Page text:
Sunday, December 14, 2008

NOTHING LIKE THE HOLIDAYS

It may sound cheap to call Nothing Like the Holidays "a Puerto Rican The Family Stone", but it's really a compliment. Like that under appreciated 2006 Christmas film, Nothing Like the Holidays mixes bits of class awareness, politics, and religion into a conventional structure without letting any subject dominate for too long. Yes, audiences might scoff at the film's predictability, but in doing so they will be ignoring the fresh perspectives of Mexican director Alfredo De Villa and his mostly Latino cast. Like the work of Tyler Perry, De Villa's film drops you deeper into a setting that is usually only depicted in Hollywood from the surface out.

The Rodriguez children are grown and have left their Chicago home for three hubs of international relevance: Roxanna (Vanessa Ferlito) lives in L.A., Mauricio (John Leguizamo) is in New York, and Jesse (Freddy Rodriguez) is serving in Iraq. All return to their parent's house for Christmas. Early reviews of Nothing Like The Holidays have patted it on the back for being a Christmas film with Puerto Rican characters. But again, that kind of passer-by approval is missing the larger significance. Reaching across social strata, the Rodriguez family represents various levels of the immigrant experience.

After Jesse's cousin Johnny (Luis Guzman) picks him up from the airport, discussion turns to Johnny's economic success with his electronics and TVs business. With a Puerto Rican flag seat belt strap and talk of being a legal U.S. citizen, Guzman exudes an American-immigrant pride that escapes most filmmakers mishandling this subject today. This level of sentiment is equally felt when Mauricio stops by his father's family owned bodega upon arriving back in Chicago. His entrance sparks off reunions and displays of community flashbacks and eccentricities.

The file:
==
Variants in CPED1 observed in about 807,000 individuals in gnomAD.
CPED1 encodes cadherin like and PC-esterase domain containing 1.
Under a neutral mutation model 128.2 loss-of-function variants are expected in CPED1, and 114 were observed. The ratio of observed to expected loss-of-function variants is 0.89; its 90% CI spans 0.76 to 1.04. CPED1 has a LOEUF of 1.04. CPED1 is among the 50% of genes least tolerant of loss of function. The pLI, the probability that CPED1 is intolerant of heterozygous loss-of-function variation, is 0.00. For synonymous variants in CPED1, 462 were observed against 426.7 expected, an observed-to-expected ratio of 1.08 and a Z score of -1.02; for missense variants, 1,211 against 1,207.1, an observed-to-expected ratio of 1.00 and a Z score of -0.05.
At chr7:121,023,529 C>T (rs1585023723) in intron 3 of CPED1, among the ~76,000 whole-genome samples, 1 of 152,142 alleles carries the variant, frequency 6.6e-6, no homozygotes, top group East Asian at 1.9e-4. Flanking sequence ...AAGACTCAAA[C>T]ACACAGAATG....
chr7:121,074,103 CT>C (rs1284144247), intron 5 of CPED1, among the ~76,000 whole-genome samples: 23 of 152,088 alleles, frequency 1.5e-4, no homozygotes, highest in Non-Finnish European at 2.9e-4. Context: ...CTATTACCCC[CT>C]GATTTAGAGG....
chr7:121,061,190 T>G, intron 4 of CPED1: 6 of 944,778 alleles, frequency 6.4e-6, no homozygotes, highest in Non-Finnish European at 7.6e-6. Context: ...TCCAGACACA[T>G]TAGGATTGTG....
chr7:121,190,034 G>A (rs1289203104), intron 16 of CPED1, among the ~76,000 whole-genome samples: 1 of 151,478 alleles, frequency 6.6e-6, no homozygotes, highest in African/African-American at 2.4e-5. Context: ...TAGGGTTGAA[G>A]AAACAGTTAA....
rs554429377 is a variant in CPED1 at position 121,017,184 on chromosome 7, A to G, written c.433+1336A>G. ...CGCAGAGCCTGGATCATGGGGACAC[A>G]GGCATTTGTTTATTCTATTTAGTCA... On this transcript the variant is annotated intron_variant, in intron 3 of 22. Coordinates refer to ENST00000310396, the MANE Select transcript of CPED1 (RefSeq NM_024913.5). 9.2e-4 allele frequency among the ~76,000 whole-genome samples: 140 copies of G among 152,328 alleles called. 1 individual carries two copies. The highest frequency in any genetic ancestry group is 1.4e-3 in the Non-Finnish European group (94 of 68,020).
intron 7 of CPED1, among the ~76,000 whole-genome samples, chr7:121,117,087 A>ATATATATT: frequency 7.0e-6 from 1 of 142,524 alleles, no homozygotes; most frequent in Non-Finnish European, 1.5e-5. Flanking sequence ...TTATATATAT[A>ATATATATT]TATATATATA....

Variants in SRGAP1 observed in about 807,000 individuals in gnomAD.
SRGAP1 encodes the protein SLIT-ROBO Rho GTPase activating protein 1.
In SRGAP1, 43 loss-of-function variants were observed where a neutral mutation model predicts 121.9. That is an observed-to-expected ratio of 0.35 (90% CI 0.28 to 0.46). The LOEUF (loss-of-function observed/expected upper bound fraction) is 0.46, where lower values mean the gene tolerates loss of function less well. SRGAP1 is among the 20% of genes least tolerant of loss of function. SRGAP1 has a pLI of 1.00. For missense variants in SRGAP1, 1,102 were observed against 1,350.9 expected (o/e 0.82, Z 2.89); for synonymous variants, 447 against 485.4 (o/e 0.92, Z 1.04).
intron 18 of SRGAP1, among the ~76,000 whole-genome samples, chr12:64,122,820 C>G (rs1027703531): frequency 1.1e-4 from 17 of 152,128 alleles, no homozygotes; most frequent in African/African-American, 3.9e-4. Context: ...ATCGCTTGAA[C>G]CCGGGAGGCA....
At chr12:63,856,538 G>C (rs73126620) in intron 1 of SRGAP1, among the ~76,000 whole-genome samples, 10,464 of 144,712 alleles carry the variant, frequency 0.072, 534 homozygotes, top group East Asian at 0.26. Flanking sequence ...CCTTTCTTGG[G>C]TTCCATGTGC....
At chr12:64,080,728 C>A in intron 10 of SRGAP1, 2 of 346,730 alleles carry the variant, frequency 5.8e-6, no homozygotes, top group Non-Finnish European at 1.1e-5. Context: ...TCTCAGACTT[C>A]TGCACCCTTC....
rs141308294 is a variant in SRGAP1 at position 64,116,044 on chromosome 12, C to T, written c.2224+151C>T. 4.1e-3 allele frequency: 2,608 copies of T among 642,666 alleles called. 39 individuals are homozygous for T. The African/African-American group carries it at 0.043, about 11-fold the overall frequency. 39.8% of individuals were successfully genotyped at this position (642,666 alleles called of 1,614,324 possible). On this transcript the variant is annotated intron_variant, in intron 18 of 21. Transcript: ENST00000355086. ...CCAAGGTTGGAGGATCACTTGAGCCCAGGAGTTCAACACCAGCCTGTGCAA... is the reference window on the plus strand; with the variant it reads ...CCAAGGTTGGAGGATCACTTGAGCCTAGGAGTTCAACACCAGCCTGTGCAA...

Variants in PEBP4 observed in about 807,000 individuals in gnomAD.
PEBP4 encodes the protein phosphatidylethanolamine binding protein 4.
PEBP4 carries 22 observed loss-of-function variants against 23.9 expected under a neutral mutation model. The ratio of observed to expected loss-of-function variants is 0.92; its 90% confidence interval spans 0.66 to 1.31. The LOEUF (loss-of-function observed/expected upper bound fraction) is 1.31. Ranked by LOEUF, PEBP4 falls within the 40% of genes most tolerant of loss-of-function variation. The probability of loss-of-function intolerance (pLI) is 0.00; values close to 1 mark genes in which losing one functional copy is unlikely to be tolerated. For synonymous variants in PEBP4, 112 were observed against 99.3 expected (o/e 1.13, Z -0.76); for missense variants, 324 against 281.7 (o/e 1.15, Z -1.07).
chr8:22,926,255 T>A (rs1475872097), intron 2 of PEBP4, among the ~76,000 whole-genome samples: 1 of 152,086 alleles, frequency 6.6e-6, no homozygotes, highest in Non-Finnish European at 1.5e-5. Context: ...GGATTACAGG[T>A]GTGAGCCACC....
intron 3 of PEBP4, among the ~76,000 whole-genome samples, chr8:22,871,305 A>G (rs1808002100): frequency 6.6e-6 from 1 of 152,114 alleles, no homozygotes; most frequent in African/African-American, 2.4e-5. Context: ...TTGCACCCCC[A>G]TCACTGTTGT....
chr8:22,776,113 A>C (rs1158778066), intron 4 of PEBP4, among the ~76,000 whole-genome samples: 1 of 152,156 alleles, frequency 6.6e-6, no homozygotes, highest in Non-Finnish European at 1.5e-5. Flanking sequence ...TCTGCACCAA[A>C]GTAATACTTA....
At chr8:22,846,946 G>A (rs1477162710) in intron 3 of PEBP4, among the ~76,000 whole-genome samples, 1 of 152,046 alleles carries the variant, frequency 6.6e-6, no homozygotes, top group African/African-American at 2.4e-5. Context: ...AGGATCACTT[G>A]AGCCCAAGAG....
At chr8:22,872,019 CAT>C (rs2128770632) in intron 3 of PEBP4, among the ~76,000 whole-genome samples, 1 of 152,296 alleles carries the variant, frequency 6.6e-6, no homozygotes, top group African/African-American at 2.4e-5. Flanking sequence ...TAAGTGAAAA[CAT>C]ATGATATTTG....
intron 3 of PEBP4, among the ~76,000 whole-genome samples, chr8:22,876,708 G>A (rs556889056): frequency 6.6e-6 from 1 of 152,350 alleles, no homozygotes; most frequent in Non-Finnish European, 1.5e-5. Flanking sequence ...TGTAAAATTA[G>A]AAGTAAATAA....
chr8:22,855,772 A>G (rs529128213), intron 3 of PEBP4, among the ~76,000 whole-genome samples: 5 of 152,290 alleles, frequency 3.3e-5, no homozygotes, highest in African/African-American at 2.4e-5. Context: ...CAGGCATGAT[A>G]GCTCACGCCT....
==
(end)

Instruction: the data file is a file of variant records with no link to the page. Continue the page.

Cinematographer Scott Kevan shoots the interior of the Rodriguez house with a heated, comforting light. Most of the inter-familial drama takes place at the dinner table, and, understanding that, Kevan and De Villa devote time and attention to special details for this most important set piece. Later, when Kevan shoots Alfed Molina over that same dinner table (now empty), through a door frame, and into the kitchen where he sits alone drinking whiskey, it's a more visually expressive moment than anything you'll see in Milk.

Across the board, the performances in Nothing Like The Holidays are appropriately dramatic and comic in all the necessary places (please, will somebody give Melonie Diaz the much needed love she deserves? She should have been nominated for Be Kind, Rewind.) But above them all is Alfred Molina. As Edy, Molina is a bear. His large stature and hairy face dominate the frame whenever he's in it. He huddles over his family as protector and listener and well-intentioned mistake maker. Molina's performance alone is reason enough to push through those Oscar-movie waiting lines and take in this little movie that should.

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